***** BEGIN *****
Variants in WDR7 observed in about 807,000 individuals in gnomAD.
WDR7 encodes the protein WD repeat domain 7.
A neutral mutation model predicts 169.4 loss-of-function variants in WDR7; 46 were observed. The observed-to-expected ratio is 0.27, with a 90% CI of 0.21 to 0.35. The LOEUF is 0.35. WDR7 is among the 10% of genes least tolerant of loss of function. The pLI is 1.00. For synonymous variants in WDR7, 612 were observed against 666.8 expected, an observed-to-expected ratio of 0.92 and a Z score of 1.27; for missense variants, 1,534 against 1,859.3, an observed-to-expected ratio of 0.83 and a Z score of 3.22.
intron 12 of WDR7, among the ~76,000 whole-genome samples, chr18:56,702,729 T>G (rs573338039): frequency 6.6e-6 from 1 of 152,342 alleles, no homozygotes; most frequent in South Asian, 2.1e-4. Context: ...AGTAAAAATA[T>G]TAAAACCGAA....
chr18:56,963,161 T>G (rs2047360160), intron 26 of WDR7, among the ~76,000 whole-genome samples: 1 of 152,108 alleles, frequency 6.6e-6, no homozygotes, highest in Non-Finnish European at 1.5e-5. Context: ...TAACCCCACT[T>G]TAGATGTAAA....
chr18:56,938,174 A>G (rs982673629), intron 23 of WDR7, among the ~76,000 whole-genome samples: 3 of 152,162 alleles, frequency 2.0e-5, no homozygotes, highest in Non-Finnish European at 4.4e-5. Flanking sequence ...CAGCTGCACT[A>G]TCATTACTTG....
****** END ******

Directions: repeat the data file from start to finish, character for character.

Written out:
Variants in WDR7 observed in about 807,000 individuals in gnomAD.
WDR7 encodes the protein WD repeat domain 7.
A neutral mutation model predicts 169.4 loss-of-function variants in WDR7; 46 were observed. The observed-to-expected ratio is 0.27, with a 90% CI of 0.21 to 0.35. The LOEUF is 0.35. WDR7 is among the 10% of genes least tolerant of loss of function. The pLI is 1.00. For synonymous variants in WDR7, 612 were observed against 666.8 expected, an observed-to-expected ratio of 0.92 and a Z score of 1.27; for missense variants, 1,534 against 1,859.3, an observed-to-expected ratio of 0.83 and a Z score of 3.22.
intron 12 of WDR7, among the ~76,000 whole-genome samples, chr18:56,702,729 T>G (rs573338039): frequency 6.6e-6 from 1 of 152,342 alleles, no homozygotes; most frequent in South Asian, 2.1e-4. Context: ...AGTAAAAATA[T>G]TAAAACCGAA....
chr18:56,963,161 T>G (rs2047360160), intron 26 of WDR7, among the ~76,000 whole-genome samples: 1 of 152,108 alleles, frequency 6.6e-6, no homozygotes, highest in Non-Finnish European at 1.5e-5. Context: ...TAACCCCACT[T>G]TAGATGTAAA....
chr18:56,938,174 A>G (rs982673629), intron 23 of WDR7, among the ~76,000 whole-genome samples: 3 of 152,162 alleles, frequency 2.0e-5, no homozygotes, highest in Non-Finnish European at 4.4e-5. Flanking sequence ...CAGCTGCACT[A>G]TCATTACTTG....